As with so many of Mondavi’s ideas, his marketing strategy has been copied and is used widely today. New Zealand producers routinely show their Pinot Noir next to famous red Burgundies. Chilean wineries sponsor “competitions” in which their Cabernet Sauvignon is in a line-up of world-renowned Cabernets. The unspoken message is the same: we deserve to be on the same table.
Robert Mondavi was a great mentor. There is a long list of current and past California winemakers who worked in the Robert Mondavi winery and then went on to make names for themselves and their wineries: Warren Winiarski, Miljenko “Mike” Grgich, Charles Thomas, Paul Hobbs, Zelma Long, Janet Myers, to name just a few. Mr. Mondavi always encouraged them even after they left–and became competitors–giving advice to solve problems and to make better wine. He would loan equipment when other winemakers were in a pinch. Miljenko “Mike” Grgich relates how, in 1977, Robert Mondavi assured him that he (Grgich) could use the Mondavi winery to make his first vintage if Grgich’s winery wasn’t completed in time. Grgich sums up Mondavi, “He was a generous man.” This spirit of cooperation is rare in the wine world. This kind of collegiality is not routinely found in Burgundy or Bordeaux. Most winemakers and principals guard their proprietary information carefully, never to reveal their solutions to problems to competitors.
Mondavi knew that California was capable of producing great white wine as well as red. Although he was not the first to bottle California Sauvignon Blanc, he made exceptionally suave wines from the variety and was the first to label them “Fumé Blanc,” a reference to Pouilly-Fumé in France, an appellation that used that grape exclusively. The name helped the varietal’s popularity and is now used by hundreds of wineries throughout California. Although some people thought Mr. Mondavi’s failure to trademark the name was a mistake, Peter Holt, a former Vice-President of Purchasing for the former California retailer, Liquor Barn, and a keen observer of the California wine industry, felt it was consistent with Mondavi’s desire to share what others might consider proprietary information for the good of the California wine industry.
His philosophy about wine was simple and constant, despite changing fads. To him, wine should be consumed at the table, with food and friends. The marketing description of “food wine” arose in reaction to the so-called “monster” or “killer” Cabernets that made an impact in blind tastings, but overwhelmed everything on the table and indeed, were not so great with food. Mondavi, never a fan of that style of wine, continued to make the wines he liked to drink with food despite mounting criticism from some prominent wine reviewers in the 1990s.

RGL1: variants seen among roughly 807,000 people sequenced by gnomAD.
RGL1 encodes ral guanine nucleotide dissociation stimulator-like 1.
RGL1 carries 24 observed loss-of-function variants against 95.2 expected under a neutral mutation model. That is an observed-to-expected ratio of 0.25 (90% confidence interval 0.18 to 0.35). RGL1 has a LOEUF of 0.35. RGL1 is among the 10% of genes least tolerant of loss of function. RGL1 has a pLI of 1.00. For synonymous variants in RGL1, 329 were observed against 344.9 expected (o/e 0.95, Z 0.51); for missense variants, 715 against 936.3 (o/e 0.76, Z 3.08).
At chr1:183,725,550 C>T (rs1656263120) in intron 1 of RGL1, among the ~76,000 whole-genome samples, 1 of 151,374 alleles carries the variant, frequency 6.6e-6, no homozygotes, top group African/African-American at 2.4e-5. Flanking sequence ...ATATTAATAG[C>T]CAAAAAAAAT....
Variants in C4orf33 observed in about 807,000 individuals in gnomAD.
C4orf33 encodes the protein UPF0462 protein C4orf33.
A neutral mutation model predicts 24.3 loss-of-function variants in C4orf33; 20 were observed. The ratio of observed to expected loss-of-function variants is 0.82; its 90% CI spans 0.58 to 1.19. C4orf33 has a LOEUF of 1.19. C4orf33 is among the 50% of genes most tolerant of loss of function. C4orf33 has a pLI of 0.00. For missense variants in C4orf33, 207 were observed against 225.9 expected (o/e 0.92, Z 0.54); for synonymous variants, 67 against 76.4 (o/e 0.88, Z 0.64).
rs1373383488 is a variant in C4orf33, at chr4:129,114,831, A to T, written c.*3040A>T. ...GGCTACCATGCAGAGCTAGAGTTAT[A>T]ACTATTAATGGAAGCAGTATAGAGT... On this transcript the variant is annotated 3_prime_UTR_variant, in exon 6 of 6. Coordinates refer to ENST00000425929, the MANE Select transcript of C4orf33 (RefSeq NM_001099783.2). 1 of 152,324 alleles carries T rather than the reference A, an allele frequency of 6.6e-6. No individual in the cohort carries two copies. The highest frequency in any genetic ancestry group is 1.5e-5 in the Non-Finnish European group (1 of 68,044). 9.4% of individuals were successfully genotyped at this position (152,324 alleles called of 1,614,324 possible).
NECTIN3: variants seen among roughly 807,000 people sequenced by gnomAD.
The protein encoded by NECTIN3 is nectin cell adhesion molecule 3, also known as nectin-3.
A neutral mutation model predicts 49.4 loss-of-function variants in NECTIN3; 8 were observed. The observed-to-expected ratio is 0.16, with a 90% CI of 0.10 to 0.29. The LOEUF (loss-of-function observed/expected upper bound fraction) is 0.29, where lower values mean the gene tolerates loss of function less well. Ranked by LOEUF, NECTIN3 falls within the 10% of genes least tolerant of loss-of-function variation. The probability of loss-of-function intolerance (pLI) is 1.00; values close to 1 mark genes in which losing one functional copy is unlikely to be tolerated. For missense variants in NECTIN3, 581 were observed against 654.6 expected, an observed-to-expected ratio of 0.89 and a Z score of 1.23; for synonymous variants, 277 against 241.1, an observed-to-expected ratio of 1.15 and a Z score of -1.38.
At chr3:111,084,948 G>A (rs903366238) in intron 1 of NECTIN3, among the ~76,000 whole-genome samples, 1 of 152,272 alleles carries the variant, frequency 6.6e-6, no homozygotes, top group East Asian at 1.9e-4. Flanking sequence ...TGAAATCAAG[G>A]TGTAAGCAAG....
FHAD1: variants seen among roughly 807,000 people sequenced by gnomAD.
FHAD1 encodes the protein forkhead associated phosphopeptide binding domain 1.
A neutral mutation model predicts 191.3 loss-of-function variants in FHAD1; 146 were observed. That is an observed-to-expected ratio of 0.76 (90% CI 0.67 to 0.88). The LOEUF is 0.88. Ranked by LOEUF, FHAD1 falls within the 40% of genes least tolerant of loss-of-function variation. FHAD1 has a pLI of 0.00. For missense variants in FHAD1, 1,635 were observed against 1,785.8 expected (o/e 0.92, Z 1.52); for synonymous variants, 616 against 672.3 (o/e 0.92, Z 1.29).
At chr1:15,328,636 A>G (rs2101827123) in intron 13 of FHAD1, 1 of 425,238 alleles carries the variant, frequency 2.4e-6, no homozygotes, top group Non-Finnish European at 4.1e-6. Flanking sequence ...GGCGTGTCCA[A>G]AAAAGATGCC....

In his honor and to see how the older Mondavi Reserve Cabernets have evolved, I dipped into my cellar shortly after his death in 2008 and just again this week to try the 1985, as he would have suggested, with dinner. My notes for the 1985 Reserve Cabernet Sauvignon from 2008, when it was 23 years old, and from this week, at 31 years of age, were remarkably similar: It was harmonious and still fresh–a seamless mixture of fruit and mature savory notes–with a supple texture. It was perfect throughout the meal because each sip brought new flavors. The 1991 and 1992, tasted in 2008, were less evolved–still exhibiting bright fresh red and black fruit flavors–but developing those engaging secondary aromas and flavors of cedar, tobacco and dried fruits. They still have a long life ahead of them and more importantly, will continue to improve. All of these wines contained less than 14 percent alcohol and none were considered “blockbusters” when they were released. They have blossomed beautifully because they were balanced and not overripe or jammy upon release. I, for one, am glad that Mr. Mondavi stuck to his guns.
Thank you Mr. Mondavi–Mr. California Wine. The California wine industry would not be the same without you.
August 17, 2016